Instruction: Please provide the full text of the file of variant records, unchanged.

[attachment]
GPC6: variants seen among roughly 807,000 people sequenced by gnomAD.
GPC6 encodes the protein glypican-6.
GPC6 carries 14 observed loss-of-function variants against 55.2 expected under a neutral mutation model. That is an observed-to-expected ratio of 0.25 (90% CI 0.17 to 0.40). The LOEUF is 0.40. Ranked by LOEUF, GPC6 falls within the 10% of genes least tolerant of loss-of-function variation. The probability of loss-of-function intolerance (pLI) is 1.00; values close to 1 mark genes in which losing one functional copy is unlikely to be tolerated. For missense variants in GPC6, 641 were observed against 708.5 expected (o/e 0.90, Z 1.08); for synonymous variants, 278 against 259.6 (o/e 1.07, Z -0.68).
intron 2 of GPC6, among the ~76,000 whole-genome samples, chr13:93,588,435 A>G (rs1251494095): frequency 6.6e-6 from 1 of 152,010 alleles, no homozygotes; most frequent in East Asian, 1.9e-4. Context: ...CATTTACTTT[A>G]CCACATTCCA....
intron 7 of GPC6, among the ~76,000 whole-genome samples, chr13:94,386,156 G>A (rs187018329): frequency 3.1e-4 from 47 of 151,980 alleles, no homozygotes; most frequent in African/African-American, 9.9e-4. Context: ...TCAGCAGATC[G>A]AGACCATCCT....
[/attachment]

GPC6: variants seen among roughly 807,000 people sequenced by gnomAD.
GPC6 encodes the protein glypican-6.
GPC6 carries 14 observed loss-of-function variants against 55.2 expected under a neutral mutation model. That is an observed-to-expected ratio of 0.25 (90% CI 0.17 to 0.40). The LOEUF is 0.40. Ranked by LOEUF, GPC6 falls within the 10% of genes least tolerant of loss-of-function variation. The probability of loss-of-function intolerance (pLI) is 1.00; values close to 1 mark genes in which losing one functional copy is unlikely to be tolerated. For missense variants in GPC6, 641 were observed against 708.5 expected (o/e 0.90, Z 1.08); for synonymous variants, 278 against 259.6 (o/e 1.07, Z -0.68).
intron 2 of GPC6, among the ~76,000 whole-genome samples, chr13:93,588,435 A>G (rs1251494095): frequency 6.6e-6 from 1 of 152,010 alleles, no homozygotes; most frequent in East Asian, 1.9e-4. Context: ...CATTTACTTT[A>G]CCACATTCCA....
intron 7 of GPC6, among the ~76,000 whole-genome samples, chr13:94,386,156 G>A (rs187018329): frequency 3.1e-4 from 47 of 151,980 alleles, no homozygotes; most frequent in African/African-American, 9.9e-4. Context: ...TCAGCAGATC[G>A]AGACCATCCT....